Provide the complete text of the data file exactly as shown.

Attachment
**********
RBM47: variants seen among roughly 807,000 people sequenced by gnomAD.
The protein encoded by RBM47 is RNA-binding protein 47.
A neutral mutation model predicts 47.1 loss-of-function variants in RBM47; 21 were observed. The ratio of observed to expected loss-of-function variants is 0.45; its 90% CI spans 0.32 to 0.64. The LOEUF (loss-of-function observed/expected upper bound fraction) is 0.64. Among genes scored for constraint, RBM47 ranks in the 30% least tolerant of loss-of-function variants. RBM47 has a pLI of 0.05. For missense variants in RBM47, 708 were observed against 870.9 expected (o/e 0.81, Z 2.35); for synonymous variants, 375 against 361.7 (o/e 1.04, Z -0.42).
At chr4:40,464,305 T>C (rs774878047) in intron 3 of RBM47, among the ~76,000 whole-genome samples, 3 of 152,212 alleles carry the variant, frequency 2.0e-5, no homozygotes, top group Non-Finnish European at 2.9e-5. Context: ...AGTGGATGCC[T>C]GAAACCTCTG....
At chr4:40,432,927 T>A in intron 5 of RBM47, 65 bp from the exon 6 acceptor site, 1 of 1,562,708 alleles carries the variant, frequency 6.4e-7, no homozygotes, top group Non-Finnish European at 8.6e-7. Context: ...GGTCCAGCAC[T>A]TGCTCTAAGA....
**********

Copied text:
RBM47: variants seen among roughly 807,000 people sequenced by gnomAD.
The protein encoded by RBM47 is RNA-binding protein 47.
A neutral mutation model predicts 47.1 loss-of-function variants in RBM47; 21 were observed. The ratio of observed to expected loss-of-function variants is 0.45; its 90% CI spans 0.32 to 0.64. The LOEUF (loss-of-function observed/expected upper bound fraction) is 0.64. Among genes scored for constraint, RBM47 ranks in the 30% least tolerant of loss-of-function variants. RBM47 has a pLI of 0.05. For missense variants in RBM47, 708 were observed against 870.9 expected (o/e 0.81, Z 2.35); for synonymous variants, 375 against 361.7 (o/e 1.04, Z -0.42).
At chr4:40,464,305 T>C (rs774878047) in intron 3 of RBM47, among the ~76,000 whole-genome samples, 3 of 152,212 alleles carry the variant, frequency 2.0e-5, no homozygotes, top group Non-Finnish European at 2.9e-5. Context: ...AGTGGATGCC[T>C]GAAACCTCTG....
At chr4:40,432,927 T>A in intron 5 of RBM47, 65 bp from the exon 6 acceptor site, 1 of 1,562,708 alleles carries the variant, frequency 6.4e-7, no homozygotes, top group Non-Finnish European at 8.6e-7. Context: ...GGTCCAGCAC[T>A]TGCTCTAAGA....